“To succeed, jump as quickly at opportunities as you do at conclusions” ~
Getting your first post graduate job is not easy and it’s even harder for those who have no work experience to back-up their degree. Universities never talk about that part, do they? A survey conducted by YouGov found that 52% of employers say university does not prepare young people for the world of work. As a graduate who was in the rat race to get a job after graduating last year, that figure is all too real for me.
You’d think that after the blood, sweat and tears and promises of employment, getting the job would be a piece of cake. Think again. It’s months of job application after job application after job application. Then there’s the rejection e-mails or complete silence where you’re left in limbo wondering whether they got your application at all.
I was fortunate enough to go on a placement year during my course but even still, that did not protect me from the months of writing cover letters and job application to only receive rejection letters or complete silence. Oh the silence, thats the part I hate the most. Being left in limbo wondering whether they got your application at all.
It’s a hard knock life for us but I’m here to encourage you that with a little faith and persistence it gets better.
I currently work as a Project Manager for a software development company which I never applied for. After months of job hunting, I was getting discouraged and wanted to give up but I knew the current job I was doing wasn’t one I could build a career on. Plus, I’d spent too long at university and incurred too much debt to give up.
So I kept applying and one day I received a call from a recruiting agency that found my CV on a job board. I had no idea which job board since I’d applied to so many but I didn’t care. They told me they had a vacancy for a Project Manager role and explained what I’d be doing. I had no idea what the company did nor did I understand the role but I thought why not. I mean, they called me so they must think I’m capable, right? After asking me a few questions they invited me for an interview where I’d have to take an excel test. He asked me if I’d be comfortable with that to which I replied yes. I mean it’s just excel and I have a degree in software engineering so how hard could it be?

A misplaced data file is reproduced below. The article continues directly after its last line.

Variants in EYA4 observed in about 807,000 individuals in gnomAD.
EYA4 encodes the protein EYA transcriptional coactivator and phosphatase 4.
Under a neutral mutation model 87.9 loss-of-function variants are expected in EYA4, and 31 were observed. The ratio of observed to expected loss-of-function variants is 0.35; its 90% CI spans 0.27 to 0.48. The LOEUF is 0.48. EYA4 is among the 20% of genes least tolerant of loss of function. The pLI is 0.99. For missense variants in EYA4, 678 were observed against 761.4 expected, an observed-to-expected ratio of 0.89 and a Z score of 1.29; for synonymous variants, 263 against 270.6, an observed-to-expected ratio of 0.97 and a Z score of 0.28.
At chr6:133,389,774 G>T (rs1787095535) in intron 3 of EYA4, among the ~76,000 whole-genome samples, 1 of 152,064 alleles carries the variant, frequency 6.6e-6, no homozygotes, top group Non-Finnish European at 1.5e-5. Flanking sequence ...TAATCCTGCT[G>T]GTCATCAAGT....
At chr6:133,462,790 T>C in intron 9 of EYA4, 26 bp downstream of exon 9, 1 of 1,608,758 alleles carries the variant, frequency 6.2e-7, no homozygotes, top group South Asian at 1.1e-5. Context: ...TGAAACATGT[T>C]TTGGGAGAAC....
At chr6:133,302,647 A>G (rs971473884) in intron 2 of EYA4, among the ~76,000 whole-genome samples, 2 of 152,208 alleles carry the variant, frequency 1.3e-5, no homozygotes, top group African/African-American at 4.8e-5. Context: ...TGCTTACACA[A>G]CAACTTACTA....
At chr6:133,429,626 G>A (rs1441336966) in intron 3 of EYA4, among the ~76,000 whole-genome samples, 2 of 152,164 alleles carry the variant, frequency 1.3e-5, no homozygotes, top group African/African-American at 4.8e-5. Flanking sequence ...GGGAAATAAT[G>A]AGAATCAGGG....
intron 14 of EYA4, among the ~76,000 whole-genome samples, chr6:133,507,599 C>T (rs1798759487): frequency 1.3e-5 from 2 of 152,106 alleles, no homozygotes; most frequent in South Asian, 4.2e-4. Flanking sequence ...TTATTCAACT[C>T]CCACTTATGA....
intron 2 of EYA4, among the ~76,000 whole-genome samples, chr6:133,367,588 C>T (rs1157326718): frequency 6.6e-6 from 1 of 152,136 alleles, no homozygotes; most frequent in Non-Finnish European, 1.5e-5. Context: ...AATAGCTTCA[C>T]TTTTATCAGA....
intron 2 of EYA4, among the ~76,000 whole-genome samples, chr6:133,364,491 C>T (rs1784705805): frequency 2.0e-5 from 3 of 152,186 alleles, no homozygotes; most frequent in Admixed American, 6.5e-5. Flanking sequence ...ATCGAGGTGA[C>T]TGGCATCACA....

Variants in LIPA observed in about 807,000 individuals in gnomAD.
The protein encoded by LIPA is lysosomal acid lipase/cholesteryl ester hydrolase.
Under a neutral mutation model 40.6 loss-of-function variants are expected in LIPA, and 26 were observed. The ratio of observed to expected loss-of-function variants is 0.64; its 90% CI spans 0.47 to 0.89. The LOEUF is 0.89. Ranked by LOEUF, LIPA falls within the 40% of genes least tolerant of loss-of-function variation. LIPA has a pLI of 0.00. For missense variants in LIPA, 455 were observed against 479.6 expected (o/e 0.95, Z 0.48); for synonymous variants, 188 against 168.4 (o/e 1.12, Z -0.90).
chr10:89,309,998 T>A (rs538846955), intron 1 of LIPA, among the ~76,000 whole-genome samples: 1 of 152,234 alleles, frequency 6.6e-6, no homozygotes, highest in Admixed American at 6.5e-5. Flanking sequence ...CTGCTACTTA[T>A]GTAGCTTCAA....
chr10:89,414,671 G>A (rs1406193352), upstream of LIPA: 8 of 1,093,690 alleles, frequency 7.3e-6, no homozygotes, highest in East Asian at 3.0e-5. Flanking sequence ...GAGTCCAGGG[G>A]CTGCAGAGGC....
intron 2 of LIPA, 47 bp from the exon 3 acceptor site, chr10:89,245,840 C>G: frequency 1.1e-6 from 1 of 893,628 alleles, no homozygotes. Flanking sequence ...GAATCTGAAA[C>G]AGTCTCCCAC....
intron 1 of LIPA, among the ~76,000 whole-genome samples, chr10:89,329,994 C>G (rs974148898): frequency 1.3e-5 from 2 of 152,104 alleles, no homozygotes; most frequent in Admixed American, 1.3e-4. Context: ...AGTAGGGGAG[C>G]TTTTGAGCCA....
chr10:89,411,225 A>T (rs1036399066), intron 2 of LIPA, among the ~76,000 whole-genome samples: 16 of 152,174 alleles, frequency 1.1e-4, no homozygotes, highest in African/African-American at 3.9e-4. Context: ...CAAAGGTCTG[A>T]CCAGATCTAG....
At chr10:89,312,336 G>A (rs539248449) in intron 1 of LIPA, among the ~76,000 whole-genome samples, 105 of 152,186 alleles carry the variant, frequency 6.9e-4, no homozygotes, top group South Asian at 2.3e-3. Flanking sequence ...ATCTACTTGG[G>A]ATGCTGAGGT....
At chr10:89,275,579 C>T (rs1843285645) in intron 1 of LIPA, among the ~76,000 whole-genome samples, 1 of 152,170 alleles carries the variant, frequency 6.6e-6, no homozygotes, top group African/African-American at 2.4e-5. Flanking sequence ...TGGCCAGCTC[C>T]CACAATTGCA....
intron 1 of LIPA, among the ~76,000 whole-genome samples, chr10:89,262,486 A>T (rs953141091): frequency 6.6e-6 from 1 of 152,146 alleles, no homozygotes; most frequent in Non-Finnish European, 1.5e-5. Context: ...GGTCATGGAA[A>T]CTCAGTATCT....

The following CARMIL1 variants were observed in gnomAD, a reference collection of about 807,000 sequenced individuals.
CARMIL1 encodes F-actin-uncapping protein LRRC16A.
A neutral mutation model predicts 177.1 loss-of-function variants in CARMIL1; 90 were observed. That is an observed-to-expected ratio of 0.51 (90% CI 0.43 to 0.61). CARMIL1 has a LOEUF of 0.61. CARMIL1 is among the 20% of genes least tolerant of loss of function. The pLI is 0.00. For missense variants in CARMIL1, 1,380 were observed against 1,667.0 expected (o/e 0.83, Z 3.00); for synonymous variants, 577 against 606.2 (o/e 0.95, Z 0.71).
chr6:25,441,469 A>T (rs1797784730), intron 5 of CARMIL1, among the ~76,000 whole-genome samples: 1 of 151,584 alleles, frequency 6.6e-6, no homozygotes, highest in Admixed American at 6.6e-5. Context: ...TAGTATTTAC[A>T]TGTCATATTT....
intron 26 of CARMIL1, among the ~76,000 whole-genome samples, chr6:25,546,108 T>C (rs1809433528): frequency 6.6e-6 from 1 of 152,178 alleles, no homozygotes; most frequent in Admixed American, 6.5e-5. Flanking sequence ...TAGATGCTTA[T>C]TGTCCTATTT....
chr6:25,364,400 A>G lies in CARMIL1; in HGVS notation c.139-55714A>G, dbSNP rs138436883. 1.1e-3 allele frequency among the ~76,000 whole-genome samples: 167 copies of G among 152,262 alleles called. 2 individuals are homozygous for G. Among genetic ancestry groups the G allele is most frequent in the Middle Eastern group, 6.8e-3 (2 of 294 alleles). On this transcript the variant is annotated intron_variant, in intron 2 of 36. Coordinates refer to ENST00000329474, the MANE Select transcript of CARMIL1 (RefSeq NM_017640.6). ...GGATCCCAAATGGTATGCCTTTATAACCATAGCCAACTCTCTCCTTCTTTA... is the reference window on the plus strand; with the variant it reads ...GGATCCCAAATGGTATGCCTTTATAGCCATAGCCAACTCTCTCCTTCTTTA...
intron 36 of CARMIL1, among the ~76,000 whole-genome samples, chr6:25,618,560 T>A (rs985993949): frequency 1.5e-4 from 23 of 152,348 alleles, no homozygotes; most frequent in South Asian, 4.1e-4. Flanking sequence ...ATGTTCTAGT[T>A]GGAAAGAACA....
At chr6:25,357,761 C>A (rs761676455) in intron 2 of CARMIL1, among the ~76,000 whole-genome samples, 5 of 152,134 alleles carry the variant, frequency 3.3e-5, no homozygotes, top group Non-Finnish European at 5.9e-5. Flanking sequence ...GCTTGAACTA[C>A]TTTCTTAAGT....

Oh it can be very hard, especially when you have no idea what you’re doing. I could have told them I didn’t know but then that would have meant admitting that I lied on my CV about my expert knowledge in Microsoft Office product. So I just sat there thinking “Jesus take the wheel!”.
And trust me He did. Long story short, the computer crashed which meant I couldn’t take the test. Hallelujah!
We swiftly moved on to the rest of the interview which was easier as I had months of practice from all the job applications I’d done. That’s the beauty of job hunting, every application is an experience that will equip you for the next one. It’s not a fun process but it does develop you. I felt a lot more confident talking about my CV and experience because I had done that so many times before. It was practically engraved in my head by now.
That was by far the best interview I’d had and it was for a role I felt I wasn’t qualified to do. Go figure!
Hours later, I found out I got the job. Now I work with some of the nicest people I’ve ever met, in a company I didn’t know existed a few months ago.
What this experience taught me was the importance of keeping a positive mind and taking a leap of faith. Especially when it comes to finding a job after university. With all the rejections I’d been receiving over the months, I could have said no to this interview since I didn’t even understand what the job role was. But I didn’t. I saw this as a character building experience and that’s how the job hunting process should be seen.
A university degree is good but just don’t rely on it alone. It’s just a tool, not the whole tool box. Getting out there and facing the world is what really prepares you for the world.
My 12-month review is due this March. Perhaps I’ll share with you what I’ve learned in 12 months of my first post-grad job.
How was your experience finding your post-grad job? Do you have any tips/advice on how to climb up the career ladder?
Let me know in the comments below.